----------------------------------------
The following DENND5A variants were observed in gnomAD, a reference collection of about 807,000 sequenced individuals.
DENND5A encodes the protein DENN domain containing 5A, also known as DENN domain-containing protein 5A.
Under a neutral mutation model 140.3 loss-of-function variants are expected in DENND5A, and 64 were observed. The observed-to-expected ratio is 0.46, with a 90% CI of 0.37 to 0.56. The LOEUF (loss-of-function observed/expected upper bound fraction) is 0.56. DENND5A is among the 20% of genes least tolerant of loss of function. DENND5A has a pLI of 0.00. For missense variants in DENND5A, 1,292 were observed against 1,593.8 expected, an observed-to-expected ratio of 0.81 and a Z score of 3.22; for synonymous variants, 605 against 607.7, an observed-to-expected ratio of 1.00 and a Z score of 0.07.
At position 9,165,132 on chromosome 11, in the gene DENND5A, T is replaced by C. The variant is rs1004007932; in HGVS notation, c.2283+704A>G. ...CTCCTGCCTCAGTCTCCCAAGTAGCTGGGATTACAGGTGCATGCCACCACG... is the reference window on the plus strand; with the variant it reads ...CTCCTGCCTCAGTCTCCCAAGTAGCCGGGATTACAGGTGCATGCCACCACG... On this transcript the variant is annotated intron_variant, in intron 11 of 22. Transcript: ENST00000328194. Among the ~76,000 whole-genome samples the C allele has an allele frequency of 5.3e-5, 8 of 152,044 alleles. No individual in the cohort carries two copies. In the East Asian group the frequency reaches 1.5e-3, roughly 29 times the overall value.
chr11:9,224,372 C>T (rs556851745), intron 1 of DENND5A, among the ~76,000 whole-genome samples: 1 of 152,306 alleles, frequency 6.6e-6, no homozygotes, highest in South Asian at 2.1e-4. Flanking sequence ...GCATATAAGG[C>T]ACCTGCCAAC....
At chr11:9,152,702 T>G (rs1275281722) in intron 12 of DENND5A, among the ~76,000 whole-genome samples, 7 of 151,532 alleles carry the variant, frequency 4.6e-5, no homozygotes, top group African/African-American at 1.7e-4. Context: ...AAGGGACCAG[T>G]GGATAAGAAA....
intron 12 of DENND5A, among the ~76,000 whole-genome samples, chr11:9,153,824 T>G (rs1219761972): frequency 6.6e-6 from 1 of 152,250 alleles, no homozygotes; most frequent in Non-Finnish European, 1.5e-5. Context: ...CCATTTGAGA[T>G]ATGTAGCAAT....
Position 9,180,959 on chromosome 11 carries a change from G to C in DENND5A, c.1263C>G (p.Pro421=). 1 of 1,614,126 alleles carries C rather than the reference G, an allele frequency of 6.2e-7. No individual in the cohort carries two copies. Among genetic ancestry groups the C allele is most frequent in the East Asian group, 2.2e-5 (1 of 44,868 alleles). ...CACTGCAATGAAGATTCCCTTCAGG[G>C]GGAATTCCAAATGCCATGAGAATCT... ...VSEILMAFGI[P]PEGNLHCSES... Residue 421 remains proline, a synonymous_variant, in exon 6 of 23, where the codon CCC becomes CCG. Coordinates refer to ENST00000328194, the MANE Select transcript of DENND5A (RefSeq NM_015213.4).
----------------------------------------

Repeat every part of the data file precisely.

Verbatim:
The following DENND5A variants were observed in gnomAD, a reference collection of about 807,000 sequenced individuals.
DENND5A encodes the protein DENN domain containing 5A, also known as DENN domain-containing protein 5A.
Under a neutral mutation model 140.3 loss-of-function variants are expected in DENND5A, and 64 were observed. The observed-to-expected ratio is 0.46, with a 90% CI of 0.37 to 0.56. The LOEUF (loss-of-function observed/expected upper bound fraction) is 0.56. DENND5A is among the 20% of genes least tolerant of loss of function. DENND5A has a pLI of 0.00. For missense variants in DENND5A, 1,292 were observed against 1,593.8 expected, an observed-to-expected ratio of 0.81 and a Z score of 3.22; for synonymous variants, 605 against 607.7, an observed-to-expected ratio of 1.00 and a Z score of 0.07.
At position 9,165,132 on chromosome 11, in the gene DENND5A, T is replaced by C. The variant is rs1004007932; in HGVS notation, c.2283+704A>G. ...CTCCTGCCTCAGTCTCCCAAGTAGCTGGGATTACAGGTGCATGCCACCACG... is the reference window on the plus strand; with the variant it reads ...CTCCTGCCTCAGTCTCCCAAGTAGCCGGGATTACAGGTGCATGCCACCACG... On this transcript the variant is annotated intron_variant, in intron 11 of 22. Transcript: ENST00000328194. Among the ~76,000 whole-genome samples the C allele has an allele frequency of 5.3e-5, 8 of 152,044 alleles. No individual in the cohort carries two copies. In the East Asian group the frequency reaches 1.5e-3, roughly 29 times the overall value.
chr11:9,224,372 C>T (rs556851745), intron 1 of DENND5A, among the ~76,000 whole-genome samples: 1 of 152,306 alleles, frequency 6.6e-6, no homozygotes, highest in South Asian at 2.1e-4. Flanking sequence ...GCATATAAGG[C>T]ACCTGCCAAC....
At chr11:9,152,702 T>G (rs1275281722) in intron 12 of DENND5A, among the ~76,000 whole-genome samples, 7 of 151,532 alleles carry the variant, frequency 4.6e-5, no homozygotes, top group African/African-American at 1.7e-4. Context: ...AAGGGACCAG[T>G]GGATAAGAAA....
intron 12 of DENND5A, among the ~76,000 whole-genome samples, chr11:9,153,824 T>G (rs1219761972): frequency 6.6e-6 from 1 of 152,250 alleles, no homozygotes; most frequent in Non-Finnish European, 1.5e-5. Context: ...CCATTTGAGA[T>G]ATGTAGCAAT....
Position 9,180,959 on chromosome 11 carries a change from G to C in DENND5A, c.1263C>G (p.Pro421=). 1 of 1,614,126 alleles carries C rather than the reference G, an allele frequency of 6.2e-7. No individual in the cohort carries two copies. Among genetic ancestry groups the C allele is most frequent in the East Asian group, 2.2e-5 (1 of 44,868 alleles). ...CACTGCAATGAAGATTCCCTTCAGG[G>C]GGAATTCCAAATGCCATGAGAATCT... ...VSEILMAFGI[P]PEGNLHCSES... Residue 421 remains proline, a synonymous_variant, in exon 6 of 23, where the codon CCC becomes CCG. Coordinates refer to ENST00000328194, the MANE Select transcript of DENND5A (RefSeq NM_015213.4).